Yet another object of the invention is the confinement of the surface area of the fluidized mineral production field to a few hundred square feet, in contrast to conventional land based drilling fields which extend over many square miles. A producing complex that covers the same subsurface area as a conventional oil field, but which is concentrated at the surface by virtue of slant drilling techniques into a small enclosed area reduces substantially the installation cost, and the cost of maintenance and operation of oil and gas gathering lines. The probability of line breakage and oil spills is likewise reduced. Furthermore, since the entire surface complex is enclosed within a single large structure, means for containing spills are easily made a part of the design so that pollution of the environment is averted.

An additional advantage of the invention as applied to drilling at the floor of bodies of water is that the housing for the invention may be constructed to initially float in water. Thus, the structure may be floated on the surface of the body of water to a drilling cite where a plurality of wells are to be drilled concurrently at the sea floor of the body of water from within the structure. One end of the structure may be filled with water so that end sinks towards the floor of the body of water thereby orienting the structure vertically as it descends. Water may be continued to be introduced into the sinking end of the structure until that end reaches the floor of the body of water. The height of the structure, should be designed so that the structure extends from the floor to surface of the body of the water. The hollow structure may be secured in position at the floor of the body of water by pouring a material, such as concrete, into or around the sunken end of the structure to hold it in position. Llateral protuberances from the structure may be employed to assure bonding of the concrete to the walls of the structure. The foregoing concept of caisson deployment is explained at greater length in U.S. patent application Ser. No. 581,936, filed on May 29, 1975.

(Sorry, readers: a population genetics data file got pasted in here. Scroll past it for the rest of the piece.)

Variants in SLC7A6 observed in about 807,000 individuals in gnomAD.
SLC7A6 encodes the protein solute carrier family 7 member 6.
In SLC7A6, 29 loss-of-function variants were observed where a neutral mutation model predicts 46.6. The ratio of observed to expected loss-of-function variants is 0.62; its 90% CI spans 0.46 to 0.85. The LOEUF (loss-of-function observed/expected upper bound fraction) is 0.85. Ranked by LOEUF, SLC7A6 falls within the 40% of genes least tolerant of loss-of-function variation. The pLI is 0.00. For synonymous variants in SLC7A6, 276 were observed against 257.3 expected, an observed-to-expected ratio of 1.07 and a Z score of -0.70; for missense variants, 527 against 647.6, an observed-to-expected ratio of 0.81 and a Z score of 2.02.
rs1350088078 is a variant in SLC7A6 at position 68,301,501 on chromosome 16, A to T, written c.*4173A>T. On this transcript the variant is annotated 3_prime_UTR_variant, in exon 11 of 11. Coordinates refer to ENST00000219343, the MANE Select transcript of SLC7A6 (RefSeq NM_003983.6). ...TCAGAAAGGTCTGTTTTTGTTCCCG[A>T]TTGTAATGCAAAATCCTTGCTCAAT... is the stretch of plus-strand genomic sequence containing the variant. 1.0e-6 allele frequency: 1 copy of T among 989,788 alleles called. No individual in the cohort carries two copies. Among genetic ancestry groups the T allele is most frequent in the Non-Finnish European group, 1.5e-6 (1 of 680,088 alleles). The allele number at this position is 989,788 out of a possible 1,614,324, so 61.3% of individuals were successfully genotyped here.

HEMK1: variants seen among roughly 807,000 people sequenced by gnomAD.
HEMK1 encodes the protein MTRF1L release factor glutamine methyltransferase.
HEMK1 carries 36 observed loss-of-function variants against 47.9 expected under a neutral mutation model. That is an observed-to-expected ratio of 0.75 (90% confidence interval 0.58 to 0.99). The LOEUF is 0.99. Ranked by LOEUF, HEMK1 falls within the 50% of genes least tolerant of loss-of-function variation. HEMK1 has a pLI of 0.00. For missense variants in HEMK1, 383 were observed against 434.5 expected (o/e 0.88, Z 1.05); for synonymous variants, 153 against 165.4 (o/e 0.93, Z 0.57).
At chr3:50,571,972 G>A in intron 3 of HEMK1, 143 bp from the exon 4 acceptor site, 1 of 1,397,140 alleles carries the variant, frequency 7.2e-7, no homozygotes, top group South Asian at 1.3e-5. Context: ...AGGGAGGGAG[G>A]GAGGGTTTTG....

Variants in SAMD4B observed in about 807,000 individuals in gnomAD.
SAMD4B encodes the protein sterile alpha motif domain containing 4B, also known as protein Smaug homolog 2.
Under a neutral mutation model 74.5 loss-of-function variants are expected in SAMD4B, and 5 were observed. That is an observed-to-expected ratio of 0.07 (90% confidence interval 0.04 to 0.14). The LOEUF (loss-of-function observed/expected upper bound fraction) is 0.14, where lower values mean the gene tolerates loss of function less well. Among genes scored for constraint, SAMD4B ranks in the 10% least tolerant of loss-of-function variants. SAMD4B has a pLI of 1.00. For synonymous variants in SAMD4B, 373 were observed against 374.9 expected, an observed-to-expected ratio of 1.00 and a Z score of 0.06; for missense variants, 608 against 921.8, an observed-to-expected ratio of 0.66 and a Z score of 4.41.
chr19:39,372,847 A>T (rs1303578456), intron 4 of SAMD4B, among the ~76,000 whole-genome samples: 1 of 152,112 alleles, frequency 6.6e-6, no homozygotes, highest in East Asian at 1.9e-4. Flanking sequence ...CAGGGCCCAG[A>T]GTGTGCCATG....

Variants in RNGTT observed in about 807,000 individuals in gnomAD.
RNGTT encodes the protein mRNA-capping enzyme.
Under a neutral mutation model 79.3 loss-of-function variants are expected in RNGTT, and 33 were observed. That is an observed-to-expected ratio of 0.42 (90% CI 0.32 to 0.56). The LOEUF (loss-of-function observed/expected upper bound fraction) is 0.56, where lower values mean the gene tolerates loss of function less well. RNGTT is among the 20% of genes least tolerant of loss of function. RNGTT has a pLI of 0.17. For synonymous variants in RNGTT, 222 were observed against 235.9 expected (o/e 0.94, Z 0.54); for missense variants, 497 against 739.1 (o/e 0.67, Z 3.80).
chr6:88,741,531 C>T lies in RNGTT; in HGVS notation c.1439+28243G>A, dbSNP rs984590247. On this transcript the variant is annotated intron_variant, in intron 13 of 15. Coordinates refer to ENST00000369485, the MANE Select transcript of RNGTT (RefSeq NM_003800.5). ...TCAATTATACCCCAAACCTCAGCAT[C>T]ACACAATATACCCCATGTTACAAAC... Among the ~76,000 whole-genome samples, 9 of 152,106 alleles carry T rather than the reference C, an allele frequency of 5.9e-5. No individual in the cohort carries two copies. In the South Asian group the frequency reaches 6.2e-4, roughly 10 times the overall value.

Once the sunken end of the structure is secured in position at the floor of the body of water, a bottom seal is formed across the interior of the sunken end of the structure. Water is pumped out from within the structure and thereafter the structure is maintained in a relatively water free condition. Of course it is to be understood that minor leaks will invariably occur, and a pumping system should be utilized to ensure that the structure is indeed maintained water free.

It is essential that the sunken end of the structure be secured in position on the floor of the body of water prior to evauation of the water from within the structure, as the water free condition of the structure produces a strong tendency for the surrounding sea water to push the structure up toward the surface.